second floor washer/dryer - floor drain liner?


I'm moving the washer/dryer to the second floor. I'm installing an enclosed tiled floor with a floor drain to catch any leaks. (It's elevated 5" so that the laundry basket fits under the doors when you swing them open and so you don't have bend over as far).
It was recommended that I put in a rubber pan liner between the layers of mortar like you do with a tiled shower. I trying to balance the risk of leaks through the tile vs. the floor's stability. Since the drain is just for emergencies and won't be used regularly (hopefuly not at all) I'm wondering if it's a good idea. My concern is how well the tiled floor will last with the vibrations from the washer and dryer it it's got the rubber sheet layer. How well does the mortar bond to this rubber?
Any opinions?
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"Snowbound"
I wouldn't bother with the liner at all. The only caution I'd mention is to make it easy to shut off the hoses to the machine. They make a nice valve that shuts off hot and cold with a single lever. It's very convienent having the laundry on the second floor, but you probably should protect yourself from a flood by shutting off the water between uses. A hose that bursts can cost thousands of dollars.
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Thanks for the advice. I did indeed put in one of those single lever valves. I used one of those white plastic boxes that go into the wall with the hot/cold water and washer drain.

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Oh...YOU did the work yourself.
Tell us more.
How did you vent it?
And how did you vent your floor drain?
Your floor drain will almost never see any water (probably NEVER in fact) what are you using the prime your trap? If you havent' installed it yet, you might want to install an automatic trap primer so you don't have to fuck with it at all. Either that or you can do that trick where you deliberately backgrade a section of drain pipe in order to auto-prime your trap by stealing some of the water from your washing machine loads. Not to code in most areas though.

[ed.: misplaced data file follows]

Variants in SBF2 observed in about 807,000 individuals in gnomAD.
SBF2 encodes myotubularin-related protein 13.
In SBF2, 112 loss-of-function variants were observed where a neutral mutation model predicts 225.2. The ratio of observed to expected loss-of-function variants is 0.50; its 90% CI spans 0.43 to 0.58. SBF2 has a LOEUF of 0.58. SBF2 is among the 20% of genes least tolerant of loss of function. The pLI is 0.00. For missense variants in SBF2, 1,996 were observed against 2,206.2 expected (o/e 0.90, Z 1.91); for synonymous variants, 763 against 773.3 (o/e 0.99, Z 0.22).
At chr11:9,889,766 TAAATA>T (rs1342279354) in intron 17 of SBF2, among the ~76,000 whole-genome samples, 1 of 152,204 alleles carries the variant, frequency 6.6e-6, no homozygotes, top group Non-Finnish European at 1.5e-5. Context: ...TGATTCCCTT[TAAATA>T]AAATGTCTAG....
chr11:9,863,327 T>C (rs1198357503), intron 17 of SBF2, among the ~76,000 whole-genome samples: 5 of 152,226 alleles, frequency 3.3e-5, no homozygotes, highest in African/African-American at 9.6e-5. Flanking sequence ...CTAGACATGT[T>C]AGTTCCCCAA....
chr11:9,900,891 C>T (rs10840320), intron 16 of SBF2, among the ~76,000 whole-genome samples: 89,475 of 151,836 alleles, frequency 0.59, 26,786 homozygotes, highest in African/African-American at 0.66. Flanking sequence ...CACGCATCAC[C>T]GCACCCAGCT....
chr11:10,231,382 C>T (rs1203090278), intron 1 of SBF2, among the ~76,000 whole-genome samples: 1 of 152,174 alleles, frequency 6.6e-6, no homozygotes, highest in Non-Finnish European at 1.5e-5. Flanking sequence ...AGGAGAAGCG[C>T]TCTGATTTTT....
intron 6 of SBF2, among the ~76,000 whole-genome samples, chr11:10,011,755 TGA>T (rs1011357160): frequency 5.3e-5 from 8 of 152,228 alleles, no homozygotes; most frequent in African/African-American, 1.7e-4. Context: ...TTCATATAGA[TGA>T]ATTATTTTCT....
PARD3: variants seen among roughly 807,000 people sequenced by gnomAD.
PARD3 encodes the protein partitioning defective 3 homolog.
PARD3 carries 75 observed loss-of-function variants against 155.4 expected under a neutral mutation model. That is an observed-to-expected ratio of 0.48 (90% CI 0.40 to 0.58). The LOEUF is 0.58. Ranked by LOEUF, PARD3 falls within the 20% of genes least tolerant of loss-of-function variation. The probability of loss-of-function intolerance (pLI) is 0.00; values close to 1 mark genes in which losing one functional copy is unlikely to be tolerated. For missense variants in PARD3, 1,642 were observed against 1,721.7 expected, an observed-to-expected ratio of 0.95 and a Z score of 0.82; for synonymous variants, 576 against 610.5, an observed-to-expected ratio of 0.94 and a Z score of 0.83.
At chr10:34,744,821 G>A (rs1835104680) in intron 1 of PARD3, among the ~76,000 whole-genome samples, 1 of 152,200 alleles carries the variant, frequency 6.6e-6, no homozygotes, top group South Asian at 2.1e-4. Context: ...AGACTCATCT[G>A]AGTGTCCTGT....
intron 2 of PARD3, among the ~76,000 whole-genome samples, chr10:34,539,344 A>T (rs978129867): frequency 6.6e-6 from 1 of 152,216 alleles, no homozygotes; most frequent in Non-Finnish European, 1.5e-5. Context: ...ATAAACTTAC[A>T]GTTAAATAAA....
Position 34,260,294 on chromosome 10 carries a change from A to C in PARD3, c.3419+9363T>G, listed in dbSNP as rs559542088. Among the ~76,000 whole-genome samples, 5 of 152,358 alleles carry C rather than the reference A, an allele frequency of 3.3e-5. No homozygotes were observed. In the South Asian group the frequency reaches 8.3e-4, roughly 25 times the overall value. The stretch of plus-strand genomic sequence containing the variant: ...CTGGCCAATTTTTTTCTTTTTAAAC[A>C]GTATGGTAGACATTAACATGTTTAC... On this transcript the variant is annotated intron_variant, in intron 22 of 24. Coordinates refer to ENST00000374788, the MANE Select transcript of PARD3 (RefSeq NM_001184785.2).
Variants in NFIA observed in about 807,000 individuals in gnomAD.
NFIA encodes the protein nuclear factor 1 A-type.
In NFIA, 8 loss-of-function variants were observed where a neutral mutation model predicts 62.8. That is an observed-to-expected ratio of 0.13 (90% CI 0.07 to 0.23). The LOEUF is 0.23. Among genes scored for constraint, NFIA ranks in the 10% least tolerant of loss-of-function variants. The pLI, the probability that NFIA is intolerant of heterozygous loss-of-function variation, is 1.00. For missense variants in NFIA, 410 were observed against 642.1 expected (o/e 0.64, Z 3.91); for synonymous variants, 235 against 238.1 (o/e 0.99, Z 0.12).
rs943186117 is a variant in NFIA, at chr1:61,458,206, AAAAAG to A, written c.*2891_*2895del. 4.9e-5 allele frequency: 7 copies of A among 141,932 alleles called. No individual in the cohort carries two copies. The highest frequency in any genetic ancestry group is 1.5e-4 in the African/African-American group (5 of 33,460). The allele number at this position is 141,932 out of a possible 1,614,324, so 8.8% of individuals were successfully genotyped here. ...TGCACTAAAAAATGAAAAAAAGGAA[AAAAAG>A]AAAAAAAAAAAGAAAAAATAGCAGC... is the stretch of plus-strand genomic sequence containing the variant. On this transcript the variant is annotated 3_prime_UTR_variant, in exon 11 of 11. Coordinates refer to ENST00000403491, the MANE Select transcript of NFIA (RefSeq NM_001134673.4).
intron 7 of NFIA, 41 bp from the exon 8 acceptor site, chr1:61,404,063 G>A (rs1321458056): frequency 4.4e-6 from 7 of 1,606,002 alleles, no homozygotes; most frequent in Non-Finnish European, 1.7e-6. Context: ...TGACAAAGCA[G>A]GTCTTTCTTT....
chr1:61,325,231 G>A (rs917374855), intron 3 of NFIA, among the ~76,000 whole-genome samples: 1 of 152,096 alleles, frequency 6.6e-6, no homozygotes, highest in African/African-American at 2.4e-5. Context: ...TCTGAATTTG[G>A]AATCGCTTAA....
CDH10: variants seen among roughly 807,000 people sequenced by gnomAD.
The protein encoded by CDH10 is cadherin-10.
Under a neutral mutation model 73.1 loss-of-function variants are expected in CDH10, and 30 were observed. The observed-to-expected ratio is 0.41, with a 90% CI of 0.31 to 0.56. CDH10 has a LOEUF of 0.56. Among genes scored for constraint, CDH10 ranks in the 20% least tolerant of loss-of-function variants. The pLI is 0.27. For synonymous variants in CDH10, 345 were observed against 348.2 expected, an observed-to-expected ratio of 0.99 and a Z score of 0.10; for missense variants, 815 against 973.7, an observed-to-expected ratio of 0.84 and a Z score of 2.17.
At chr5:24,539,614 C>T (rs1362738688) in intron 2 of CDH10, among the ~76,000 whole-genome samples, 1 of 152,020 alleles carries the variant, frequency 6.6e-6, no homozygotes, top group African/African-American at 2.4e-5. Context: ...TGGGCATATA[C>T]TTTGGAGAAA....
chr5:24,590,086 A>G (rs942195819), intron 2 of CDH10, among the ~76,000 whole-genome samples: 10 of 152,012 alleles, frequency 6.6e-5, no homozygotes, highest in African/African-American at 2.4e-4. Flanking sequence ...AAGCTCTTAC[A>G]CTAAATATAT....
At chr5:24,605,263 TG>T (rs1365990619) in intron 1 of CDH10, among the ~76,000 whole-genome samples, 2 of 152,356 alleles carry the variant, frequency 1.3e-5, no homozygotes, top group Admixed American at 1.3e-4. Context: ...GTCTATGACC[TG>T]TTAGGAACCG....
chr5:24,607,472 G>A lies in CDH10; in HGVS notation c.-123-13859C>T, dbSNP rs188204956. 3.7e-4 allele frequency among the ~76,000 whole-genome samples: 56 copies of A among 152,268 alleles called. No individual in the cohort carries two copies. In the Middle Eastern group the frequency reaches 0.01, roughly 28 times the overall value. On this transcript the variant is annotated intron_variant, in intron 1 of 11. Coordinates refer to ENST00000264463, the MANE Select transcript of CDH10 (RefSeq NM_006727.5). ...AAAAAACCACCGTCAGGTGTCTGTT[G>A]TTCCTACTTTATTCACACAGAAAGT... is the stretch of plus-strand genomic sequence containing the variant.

And no, you don't need a liner. However, I love those liners. When we remodeled the house, we used that stuff everywhere. I have all tile everywhere in the house now. Spring cleaning around here is a breeze. I simply move the furniture and use the pressure washer to clean the interior. If you like clean, this is the only way to go.
I agree that turning the water off entirely isn't a bad idea. However, I personally use DW hoses that are metal-braided for an added level of protection. I do think a VERY accessible whole house shutoff makes a lot of sense. Instead of turning off ONE fixture, why not turn the whole house off before you leave for work?
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Yes I am doing it myself. It's a full bathroom renovation. It was one of those 70's bathrooms, avacado green with white shag carpet. It was poorly laid out so there was a lot of wasted space. It's a 14' long room that had no ceiling lights or fan. It just had one of those long strips of round light bulbs that go over the mirror.
We were able to reorganize it so we could fit a set of those european style front loading washer/dryers without (I think) making it look like too much like a laundry room.
The washer/dryer it where there used to be a sink so it vents directly up through the wall behind it. I was going to put an automatic trap primer but the guy at the plumbing store talked me out of it. He recommended putting some mineral oil in the draing to stop it from evaporation.
Thanks

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I put in a 'Apartment ' laundry in my Moms place. Its a small washer and a dryer above it. Its great for her. Everyone who walks into the place loves it.
Yes, I always tell people to put veg oil in a trap that is not used or fill it with a little concrete. Anything that will stop gas from coming in.

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trap primers suck. I use 3/4 wirsbo for me pan drain. I use no trap and never tie it into the sewer. mine dump to basement floor near floor drain.
For traps that dry out I use the shit from the waterless urinal.
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